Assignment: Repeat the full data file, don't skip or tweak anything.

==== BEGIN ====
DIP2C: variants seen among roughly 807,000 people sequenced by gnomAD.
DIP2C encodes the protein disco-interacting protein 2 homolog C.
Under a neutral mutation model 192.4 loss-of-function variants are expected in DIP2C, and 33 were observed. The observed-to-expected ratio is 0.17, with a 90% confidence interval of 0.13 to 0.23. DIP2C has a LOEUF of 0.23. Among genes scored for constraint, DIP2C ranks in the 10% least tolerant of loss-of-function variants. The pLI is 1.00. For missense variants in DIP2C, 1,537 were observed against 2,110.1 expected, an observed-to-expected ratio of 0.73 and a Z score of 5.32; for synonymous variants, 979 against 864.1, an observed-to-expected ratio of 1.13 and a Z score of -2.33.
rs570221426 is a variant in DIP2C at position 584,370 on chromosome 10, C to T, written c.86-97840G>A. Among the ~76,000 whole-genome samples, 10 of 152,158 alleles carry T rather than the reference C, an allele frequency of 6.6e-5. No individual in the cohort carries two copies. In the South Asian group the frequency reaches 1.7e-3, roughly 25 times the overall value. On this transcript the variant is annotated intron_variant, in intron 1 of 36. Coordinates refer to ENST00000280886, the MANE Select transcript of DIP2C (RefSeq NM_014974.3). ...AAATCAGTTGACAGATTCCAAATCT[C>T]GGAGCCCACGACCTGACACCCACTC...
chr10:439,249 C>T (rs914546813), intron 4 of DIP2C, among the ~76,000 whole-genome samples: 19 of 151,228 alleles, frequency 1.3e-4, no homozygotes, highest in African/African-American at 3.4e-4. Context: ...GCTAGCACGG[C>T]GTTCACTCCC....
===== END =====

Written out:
DIP2C: variants seen among roughly 807,000 people sequenced by gnomAD.
DIP2C encodes the protein disco-interacting protein 2 homolog C.
Under a neutral mutation model 192.4 loss-of-function variants are expected in DIP2C, and 33 were observed. The observed-to-expected ratio is 0.17, with a 90% confidence interval of 0.13 to 0.23. DIP2C has a LOEUF of 0.23. Among genes scored for constraint, DIP2C ranks in the 10% least tolerant of loss-of-function variants. The pLI is 1.00. For missense variants in DIP2C, 1,537 were observed against 2,110.1 expected, an observed-to-expected ratio of 0.73 and a Z score of 5.32; for synonymous variants, 979 against 864.1, an observed-to-expected ratio of 1.13 and a Z score of -2.33.
rs570221426 is a variant in DIP2C at position 584,370 on chromosome 10, C to T, written c.86-97840G>A. Among the ~76,000 whole-genome samples, 10 of 152,158 alleles carry T rather than the reference C, an allele frequency of 6.6e-5. No individual in the cohort carries two copies. In the South Asian group the frequency reaches 1.7e-3, roughly 25 times the overall value. On this transcript the variant is annotated intron_variant, in intron 1 of 36. Coordinates refer to ENST00000280886, the MANE Select transcript of DIP2C (RefSeq NM_014974.3). ...AAATCAGTTGACAGATTCCAAATCT[C>T]GGAGCCCACGACCTGACACCCACTC...
chr10:439,249 C>T (rs914546813), intron 4 of DIP2C, among the ~76,000 whole-genome samples: 19 of 151,228 alleles, frequency 1.3e-4, no homozygotes, highest in African/African-American at 3.4e-4. Context: ...GCTAGCACGG[C>T]GTTCACTCCC....